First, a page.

Posted on January 5, 2011
All The Gear and No Idea.
Its a common problem. A newbie rocks up with many thousands of dollars of shiny new kit and has not a clue what to do with it.
You can find examples of this everywhere and in sports and hobbies of all kinds. Its an issue where people have lots of disposable income and somebody tells them (or maybe possibly hints at a kind of a compliment) they have an ounce of talent.
All of a sudden, they have dreams of being the next Lance Armstrong (cycling), Annie Leibovitz (photography) or Valentino Rossi (motorcycling) or Eric Clapton (guitar) and go out and spend as much as they possibly can on the very best equipment.
A flash, full carbon, dura-ace equipped bike, a top flight digital SLR and a brace of professional lenses and flash guns, a race replica motorbike or a Fender Stratocaster and Marshall amp and cab combo.
Whilst all the time have absolutely NO idea of how to use any of it.
I’m going to focus on cameras as it’s the thing closest to my heart (well, cycling is too, but I’ll leave that one alone)
I’ve seen this so many times. Someone takes a nice shot with a point and shoot camera, takes this as a sign of massive untapped talent, so spends thousands on a super DSLR, with which they promptly take hundreds of super high quality but utterly shite photographs, increasingly blaming the failures on the camera, the light, the subject, etc. Anything but themselves.
So, I’ll enlighten everyone.
Bar a few circumstances where professionals or serious amateurs will make use certain features, the camera makes almost NO DIFFERENCE to the result.
Yes, I know – you’re thinking this has to be wrong. Well, it’s really not.
An image needs to speak to an audience, to capture imagination, to stir the soul or heart, to provoke a reaction, to inspire and cause the viewer to stop and admire.
So, how many of those things has anything to do with equipment?
Clue: Pretty much none of them – its all to do with aesthetics. Which you can capture with anything, and in many ways, advanced technology actually works against this.
Yes, sure, sometimes you need a specific camera to do something – a long lens for wildlife or professional sport, an underwater housing for the best marine photography or a very low noise DSLR for low light portraits or weddings, but 99% of the time, the camera has nothing to do with it.
How many of the great shots that you have seen are due to the best quality smallest pixel, lowest noise and highest resolution?
Clue #2: None.
You know how I know this? I bought a Nikon D50 when I couldn’t get the right shots with my antiquated point and shoot. No additional lenses, I just spent time working out how it worked and made horrific mistakes, got way ahead of myself, got a reality check and kept on learning. Then I bought a D300 just after they were released. And it did pretty much nothing to improve my shots until I went back to basics and worked out what I wanted the camera to do for me.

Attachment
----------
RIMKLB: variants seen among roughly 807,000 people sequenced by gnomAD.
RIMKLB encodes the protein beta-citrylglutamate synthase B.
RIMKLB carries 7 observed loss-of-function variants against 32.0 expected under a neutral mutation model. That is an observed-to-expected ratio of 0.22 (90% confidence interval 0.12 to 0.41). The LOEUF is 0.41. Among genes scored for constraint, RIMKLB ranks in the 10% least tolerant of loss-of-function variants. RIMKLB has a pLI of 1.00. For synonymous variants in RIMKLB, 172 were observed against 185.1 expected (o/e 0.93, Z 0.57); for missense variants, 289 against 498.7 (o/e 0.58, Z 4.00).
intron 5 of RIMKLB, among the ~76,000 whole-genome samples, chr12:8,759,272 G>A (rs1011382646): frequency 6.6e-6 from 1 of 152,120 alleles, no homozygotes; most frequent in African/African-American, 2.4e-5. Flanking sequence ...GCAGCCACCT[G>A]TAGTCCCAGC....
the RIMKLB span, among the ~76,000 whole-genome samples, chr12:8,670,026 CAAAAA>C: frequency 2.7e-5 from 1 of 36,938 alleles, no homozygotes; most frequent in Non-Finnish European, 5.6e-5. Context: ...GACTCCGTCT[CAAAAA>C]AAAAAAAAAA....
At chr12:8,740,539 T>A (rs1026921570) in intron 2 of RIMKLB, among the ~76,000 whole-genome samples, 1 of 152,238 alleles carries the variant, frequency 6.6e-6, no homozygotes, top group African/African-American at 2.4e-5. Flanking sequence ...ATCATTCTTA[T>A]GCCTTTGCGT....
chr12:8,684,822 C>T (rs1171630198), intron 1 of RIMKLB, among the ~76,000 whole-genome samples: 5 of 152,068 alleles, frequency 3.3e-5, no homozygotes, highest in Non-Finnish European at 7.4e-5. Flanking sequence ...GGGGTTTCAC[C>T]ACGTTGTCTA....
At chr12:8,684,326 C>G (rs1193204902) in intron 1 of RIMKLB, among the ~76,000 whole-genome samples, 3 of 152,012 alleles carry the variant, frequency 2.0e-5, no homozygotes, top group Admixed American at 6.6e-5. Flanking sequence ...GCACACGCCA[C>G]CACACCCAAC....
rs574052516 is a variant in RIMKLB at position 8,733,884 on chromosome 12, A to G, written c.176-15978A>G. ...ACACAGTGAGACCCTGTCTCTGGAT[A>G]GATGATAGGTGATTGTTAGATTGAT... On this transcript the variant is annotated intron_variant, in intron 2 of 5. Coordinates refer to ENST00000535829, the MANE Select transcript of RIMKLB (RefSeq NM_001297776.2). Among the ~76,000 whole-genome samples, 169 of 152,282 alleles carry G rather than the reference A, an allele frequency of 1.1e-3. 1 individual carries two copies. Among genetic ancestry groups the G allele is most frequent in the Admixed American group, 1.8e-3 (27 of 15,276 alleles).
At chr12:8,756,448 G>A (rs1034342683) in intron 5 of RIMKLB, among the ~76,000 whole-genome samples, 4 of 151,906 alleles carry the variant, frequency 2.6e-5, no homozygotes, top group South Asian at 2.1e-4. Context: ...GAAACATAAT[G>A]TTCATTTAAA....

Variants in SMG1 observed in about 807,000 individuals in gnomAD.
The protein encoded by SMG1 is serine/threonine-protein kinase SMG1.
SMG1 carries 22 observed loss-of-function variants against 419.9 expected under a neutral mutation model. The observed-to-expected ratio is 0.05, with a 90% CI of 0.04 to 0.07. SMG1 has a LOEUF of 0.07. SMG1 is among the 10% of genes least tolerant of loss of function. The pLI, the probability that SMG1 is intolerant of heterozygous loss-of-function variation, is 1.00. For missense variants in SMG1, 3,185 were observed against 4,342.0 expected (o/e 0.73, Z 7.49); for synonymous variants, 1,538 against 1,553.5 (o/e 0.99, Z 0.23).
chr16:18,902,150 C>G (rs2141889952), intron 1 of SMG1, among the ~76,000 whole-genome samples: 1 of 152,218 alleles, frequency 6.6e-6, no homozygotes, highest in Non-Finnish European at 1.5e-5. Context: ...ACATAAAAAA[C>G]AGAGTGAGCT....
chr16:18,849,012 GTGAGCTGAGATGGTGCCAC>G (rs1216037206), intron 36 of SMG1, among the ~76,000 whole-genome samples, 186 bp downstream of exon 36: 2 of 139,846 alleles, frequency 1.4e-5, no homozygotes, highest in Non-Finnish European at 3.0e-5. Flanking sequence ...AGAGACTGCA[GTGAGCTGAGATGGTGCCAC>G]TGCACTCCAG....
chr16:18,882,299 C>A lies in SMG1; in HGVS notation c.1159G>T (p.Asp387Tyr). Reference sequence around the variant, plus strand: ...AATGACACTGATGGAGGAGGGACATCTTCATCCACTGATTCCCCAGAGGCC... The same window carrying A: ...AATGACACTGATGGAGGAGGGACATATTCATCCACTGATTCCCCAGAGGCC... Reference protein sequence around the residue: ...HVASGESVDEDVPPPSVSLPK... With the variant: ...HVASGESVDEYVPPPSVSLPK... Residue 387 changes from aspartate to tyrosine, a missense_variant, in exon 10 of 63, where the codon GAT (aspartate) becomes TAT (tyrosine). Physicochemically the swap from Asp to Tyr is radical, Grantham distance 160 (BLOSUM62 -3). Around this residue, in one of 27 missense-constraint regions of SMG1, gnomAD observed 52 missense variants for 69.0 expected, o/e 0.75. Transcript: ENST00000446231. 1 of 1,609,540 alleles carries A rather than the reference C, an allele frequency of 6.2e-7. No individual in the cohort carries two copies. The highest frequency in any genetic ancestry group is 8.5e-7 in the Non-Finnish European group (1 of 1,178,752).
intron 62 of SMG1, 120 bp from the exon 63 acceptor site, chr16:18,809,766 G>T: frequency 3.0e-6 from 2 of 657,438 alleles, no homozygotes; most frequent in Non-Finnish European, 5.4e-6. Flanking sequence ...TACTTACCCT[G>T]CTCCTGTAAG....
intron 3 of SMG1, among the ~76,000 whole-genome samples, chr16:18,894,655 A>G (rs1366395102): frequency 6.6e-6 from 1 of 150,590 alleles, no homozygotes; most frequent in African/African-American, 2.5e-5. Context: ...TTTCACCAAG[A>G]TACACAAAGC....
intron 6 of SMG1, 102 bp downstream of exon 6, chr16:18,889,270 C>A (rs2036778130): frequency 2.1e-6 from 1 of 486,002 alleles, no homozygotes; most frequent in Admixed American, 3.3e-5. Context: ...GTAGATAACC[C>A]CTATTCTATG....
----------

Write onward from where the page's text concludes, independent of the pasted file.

I went through that trough of disappointment with digital and bought a Holga and a Trip 35 and even a Hasselblad 500C/M to teach myself how to read light, how to compose and how to take a good shot.
And I’m still learning.
My favourite shot? I’ve not taken it yet 😉
So go out, take photos with whatever camera you have to hand – the iPhone is a prime example of this – shoot, look for image you can see in your mind, create, experiment, learn to read the light, go back to basics, try film, polaroid. Do all of these things, even buy a second hand vintage camera from ebay to experiment. Look on Flickr for photos you love and work out what it is about that shot that moves you and try to replicate it.
Point and shoot cameras usually have enough manual settings to do most things. You know that Av and Tv mode you keep on looking at but never using? Ever used that macro mode on the point and shoot? Learn what they do and when to use them before moving on. Learn when to use a certain setting to control the end result.
But whatever you do, don’t go straight out and buy $5000 cameras and lenses to do any of that for you. I guarantee it’ll make no difference whatsoever if you don’t know what the camera actually does.
Posted on February 19, 2010
Somehow politicians everywhere over think the world owes them a living! I know they have to do a challenging job sometimes, but so does everyone else, but somehow they think they are better than everyone else and that’s what irks me the most.
I’ve just read in the Guardian that Sir Nicholas Winterton (aka Lord Chinless Wonder), an MP in the UK has decided that its outrageous that MP’s might be forced to travel in standard class on the train and not the luxurious tax-payer funded gilt-edged first class they are used to.
To add insult to injury, Lord Muck states that the reason for his complaint it that:
there are a “totally different type of people” in standard class.
He went on to say :
“I didn’t say they weren’t as good, but they are in a different walk of life. They are doing different things. Very often they are there with children.
Oh really, Sir Fuckwad, if you don’t want to mix with the hoi paloi, that’s your business and at your cost. How out of touch you have become.
He also says:
“MPs would not be able to get enough work done in standard class because of the noise and disturbance from children”
So, how is it that everyone else can work and survive the commute in cattle class, many working away as best they can for salaries and reward a lot less than yours, but somehow you can’t?
And then he rounds it off with
“So we are supposed to stand when there are no seats … I’m sorry, it infuriates me.”
Oh boo fucking hoo – you do what the rest of the population you’re supposed to be representing does and suck it up.
I think you’ve forgotten who pays your wages, mate.
With that kind of attitude, I think Sir Alan Sugar’s catchphrase is required.